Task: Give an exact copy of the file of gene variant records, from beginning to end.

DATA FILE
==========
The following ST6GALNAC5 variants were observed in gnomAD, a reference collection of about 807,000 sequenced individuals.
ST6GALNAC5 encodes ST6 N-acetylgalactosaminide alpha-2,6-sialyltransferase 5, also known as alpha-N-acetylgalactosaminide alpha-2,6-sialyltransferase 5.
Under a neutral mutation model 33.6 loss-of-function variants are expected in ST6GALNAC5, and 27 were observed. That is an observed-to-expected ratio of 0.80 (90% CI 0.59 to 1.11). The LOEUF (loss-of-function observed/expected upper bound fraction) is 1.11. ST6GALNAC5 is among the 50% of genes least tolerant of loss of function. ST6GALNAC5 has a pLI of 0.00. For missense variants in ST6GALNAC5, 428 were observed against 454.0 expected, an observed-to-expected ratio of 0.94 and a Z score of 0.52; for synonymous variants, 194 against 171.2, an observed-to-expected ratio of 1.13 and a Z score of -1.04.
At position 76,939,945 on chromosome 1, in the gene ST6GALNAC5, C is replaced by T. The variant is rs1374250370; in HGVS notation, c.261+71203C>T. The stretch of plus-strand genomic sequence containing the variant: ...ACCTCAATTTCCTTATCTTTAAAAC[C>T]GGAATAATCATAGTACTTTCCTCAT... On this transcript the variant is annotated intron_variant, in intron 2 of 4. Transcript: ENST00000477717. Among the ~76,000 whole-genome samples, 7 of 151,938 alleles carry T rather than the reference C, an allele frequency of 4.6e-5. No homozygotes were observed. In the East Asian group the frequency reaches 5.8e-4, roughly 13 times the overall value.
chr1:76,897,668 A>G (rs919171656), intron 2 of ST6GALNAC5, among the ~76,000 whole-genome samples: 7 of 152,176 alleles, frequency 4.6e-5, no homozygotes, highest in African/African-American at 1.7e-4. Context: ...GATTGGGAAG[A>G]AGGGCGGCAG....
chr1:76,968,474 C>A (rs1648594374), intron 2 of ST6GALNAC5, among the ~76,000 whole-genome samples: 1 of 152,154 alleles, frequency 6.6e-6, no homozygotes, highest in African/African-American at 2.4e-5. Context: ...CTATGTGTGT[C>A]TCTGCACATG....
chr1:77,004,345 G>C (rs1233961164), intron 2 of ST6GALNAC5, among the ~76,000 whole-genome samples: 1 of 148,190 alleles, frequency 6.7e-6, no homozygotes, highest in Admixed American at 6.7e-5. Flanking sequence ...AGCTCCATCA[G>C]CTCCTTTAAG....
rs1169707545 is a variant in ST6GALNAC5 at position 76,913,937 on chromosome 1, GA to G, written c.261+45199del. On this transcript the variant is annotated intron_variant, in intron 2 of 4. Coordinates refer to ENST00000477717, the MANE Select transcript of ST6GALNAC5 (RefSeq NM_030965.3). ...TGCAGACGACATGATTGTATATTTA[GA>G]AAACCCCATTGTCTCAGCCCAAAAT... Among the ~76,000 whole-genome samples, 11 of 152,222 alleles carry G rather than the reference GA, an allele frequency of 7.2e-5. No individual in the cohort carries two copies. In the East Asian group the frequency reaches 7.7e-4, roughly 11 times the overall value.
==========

The following ST6GALNAC5 variants were observed in gnomAD, a reference collection of about 807,000 sequenced individuals.
ST6GALNAC5 encodes ST6 N-acetylgalactosaminide alpha-2,6-sialyltransferase 5, also known as alpha-N-acetylgalactosaminide alpha-2,6-sialyltransferase 5.
Under a neutral mutation model 33.6 loss-of-function variants are expected in ST6GALNAC5, and 27 were observed. That is an observed-to-expected ratio of 0.80 (90% CI 0.59 to 1.11). The LOEUF (loss-of-function observed/expected upper bound fraction) is 1.11. ST6GALNAC5 is among the 50% of genes least tolerant of loss of function. ST6GALNAC5 has a pLI of 0.00. For missense variants in ST6GALNAC5, 428 were observed against 454.0 expected, an observed-to-expected ratio of 0.94 and a Z score of 0.52; for synonymous variants, 194 against 171.2, an observed-to-expected ratio of 1.13 and a Z score of -1.04.
At position 76,939,945 on chromosome 1, in the gene ST6GALNAC5, C is replaced by T. The variant is rs1374250370; in HGVS notation, c.261+71203C>T. The stretch of plus-strand genomic sequence containing the variant: ...ACCTCAATTTCCTTATCTTTAAAAC[C>T]GGAATAATCATAGTACTTTCCTCAT... On this transcript the variant is annotated intron_variant, in intron 2 of 4. Transcript: ENST00000477717. Among the ~76,000 whole-genome samples, 7 of 151,938 alleles carry T rather than the reference C, an allele frequency of 4.6e-5. No homozygotes were observed. In the East Asian group the frequency reaches 5.8e-4, roughly 13 times the overall value.
chr1:76,897,668 A>G (rs919171656), intron 2 of ST6GALNAC5, among the ~76,000 whole-genome samples: 7 of 152,176 alleles, frequency 4.6e-5, no homozygotes, highest in African/African-American at 1.7e-4. Context: ...GATTGGGAAG[A>G]AGGGCGGCAG....
chr1:76,968,474 C>A (rs1648594374), intron 2 of ST6GALNAC5, among the ~76,000 whole-genome samples: 1 of 152,154 alleles, frequency 6.6e-6, no homozygotes, highest in African/African-American at 2.4e-5. Context: ...CTATGTGTGT[C>A]TCTGCACATG....
chr1:77,004,345 G>C (rs1233961164), intron 2 of ST6GALNAC5, among the ~76,000 whole-genome samples: 1 of 148,190 alleles, frequency 6.7e-6, no homozygotes, highest in Admixed American at 6.7e-5. Flanking sequence ...AGCTCCATCA[G>C]CTCCTTTAAG....
rs1169707545 is a variant in ST6GALNAC5 at position 76,913,937 on chromosome 1, GA to G, written c.261+45199del. On this transcript the variant is annotated intron_variant, in intron 2 of 4. Coordinates refer to ENST00000477717, the MANE Select transcript of ST6GALNAC5 (RefSeq NM_030965.3). ...TGCAGACGACATGATTGTATATTTA[GA>G]AAACCCCATTGTCTCAGCCCAAAAT... Among the ~76,000 whole-genome samples, 11 of 152,222 alleles carry G rather than the reference GA, an allele frequency of 7.2e-5. No individual in the cohort carries two copies. In the East Asian group the frequency reaches 7.7e-4, roughly 11 times the overall value.